Towards a neutrino trap

Design, optimization, realization and characterization of a fiber laser hydrophone

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A neutrino is a intriguing subatomic particle. Although the neutrino is the second most abundant known particle in the universe and billions of neutrinos pass through our own body each second, it is not easy to detect them and they remain poorly understood. The detection of neutrinos can help us understand various events happening in space and answer fundamental questions about the universe. One possibility to detect neutrinos is acoustic detection in the ocean.

The goal of this thesis is to design, optimize, manufacture and test a hydrophone that can be used to detect ultra-high energy neutrinos, when implemented in a large-scale telescope. The hydrophone designed in this research is a transducer which converts acoustic pressure to strain in an optical fiber, this strain can be measured precisely. To be implemented in a telescope for the detection of ultra-high energy neutrinos the fiber optic hydrophone has to meet a number of design requirements. The most vital requirements concern the sensitivity and frequency range of the hydrophone. The transducer should have a frequency range from 1 to 50 kHz and should be able to measure the softest noise in the ocean, hence there is a minimum required strain in the fiber per Pascal pressure. Within the frequency range mentioned, it is preferable that the transducer behaves linearly. Consequently, the first eigenfrequency of the sensor should be above 50 kHz. Such a high eigenfrequency means that the sensor must be stiff and as this conflicts with the objective to maximize strain, a trade-off had to be made.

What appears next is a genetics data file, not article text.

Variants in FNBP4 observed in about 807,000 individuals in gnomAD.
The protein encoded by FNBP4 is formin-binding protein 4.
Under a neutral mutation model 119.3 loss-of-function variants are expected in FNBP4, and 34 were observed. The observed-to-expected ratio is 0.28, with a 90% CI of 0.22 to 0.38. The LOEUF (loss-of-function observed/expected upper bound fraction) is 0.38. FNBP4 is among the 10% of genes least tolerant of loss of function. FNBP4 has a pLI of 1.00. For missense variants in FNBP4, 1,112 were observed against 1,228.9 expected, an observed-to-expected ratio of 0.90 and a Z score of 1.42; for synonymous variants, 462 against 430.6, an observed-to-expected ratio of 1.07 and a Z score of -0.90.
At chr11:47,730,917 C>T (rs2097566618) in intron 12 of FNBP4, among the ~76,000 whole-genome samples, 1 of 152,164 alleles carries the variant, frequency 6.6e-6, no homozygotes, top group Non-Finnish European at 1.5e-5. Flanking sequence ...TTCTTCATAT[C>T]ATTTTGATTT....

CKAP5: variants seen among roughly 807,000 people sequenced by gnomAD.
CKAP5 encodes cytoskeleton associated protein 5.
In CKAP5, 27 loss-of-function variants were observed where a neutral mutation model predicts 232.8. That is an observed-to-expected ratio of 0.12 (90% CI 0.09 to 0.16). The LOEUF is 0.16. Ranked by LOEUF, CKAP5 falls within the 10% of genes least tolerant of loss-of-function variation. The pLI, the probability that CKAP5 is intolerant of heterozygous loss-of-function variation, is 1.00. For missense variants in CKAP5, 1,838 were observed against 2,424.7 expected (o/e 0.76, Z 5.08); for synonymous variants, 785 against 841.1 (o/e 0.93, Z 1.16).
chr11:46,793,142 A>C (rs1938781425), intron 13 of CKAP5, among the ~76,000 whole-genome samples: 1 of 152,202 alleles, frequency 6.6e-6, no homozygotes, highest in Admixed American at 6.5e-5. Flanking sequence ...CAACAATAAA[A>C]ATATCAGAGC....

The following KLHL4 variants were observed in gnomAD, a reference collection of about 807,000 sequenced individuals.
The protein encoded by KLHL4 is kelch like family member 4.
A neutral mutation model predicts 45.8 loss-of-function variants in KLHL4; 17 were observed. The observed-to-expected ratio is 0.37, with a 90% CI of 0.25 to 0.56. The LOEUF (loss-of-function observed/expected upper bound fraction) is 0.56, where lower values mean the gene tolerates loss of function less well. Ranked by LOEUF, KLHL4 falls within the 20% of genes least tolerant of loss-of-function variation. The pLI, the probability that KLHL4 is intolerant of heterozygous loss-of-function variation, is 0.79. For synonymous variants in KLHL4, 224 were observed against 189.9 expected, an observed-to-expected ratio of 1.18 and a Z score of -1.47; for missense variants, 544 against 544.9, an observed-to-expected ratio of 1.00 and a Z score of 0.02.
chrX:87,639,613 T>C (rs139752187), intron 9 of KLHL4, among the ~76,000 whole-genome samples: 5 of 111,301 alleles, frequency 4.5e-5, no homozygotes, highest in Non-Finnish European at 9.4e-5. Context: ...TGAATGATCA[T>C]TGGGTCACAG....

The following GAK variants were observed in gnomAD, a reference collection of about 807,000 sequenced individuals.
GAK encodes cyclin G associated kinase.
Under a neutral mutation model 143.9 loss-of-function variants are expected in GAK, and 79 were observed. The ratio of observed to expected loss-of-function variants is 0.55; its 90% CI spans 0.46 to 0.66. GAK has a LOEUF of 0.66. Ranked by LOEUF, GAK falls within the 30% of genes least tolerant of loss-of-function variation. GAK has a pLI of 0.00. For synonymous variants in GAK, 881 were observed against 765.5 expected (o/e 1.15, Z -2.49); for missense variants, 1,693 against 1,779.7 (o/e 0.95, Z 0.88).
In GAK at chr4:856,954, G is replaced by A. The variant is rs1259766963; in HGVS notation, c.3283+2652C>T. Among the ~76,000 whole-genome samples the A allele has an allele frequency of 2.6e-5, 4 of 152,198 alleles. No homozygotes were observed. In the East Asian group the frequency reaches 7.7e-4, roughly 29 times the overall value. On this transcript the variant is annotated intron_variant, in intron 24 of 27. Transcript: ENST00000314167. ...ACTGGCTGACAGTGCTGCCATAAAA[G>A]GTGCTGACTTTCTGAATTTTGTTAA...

Different design methods, such as topology optimization and parametric optimization, were investigated. Four hydrophones were manufactured and tested. The measurements were corroborated by numerical simulations using finite element method.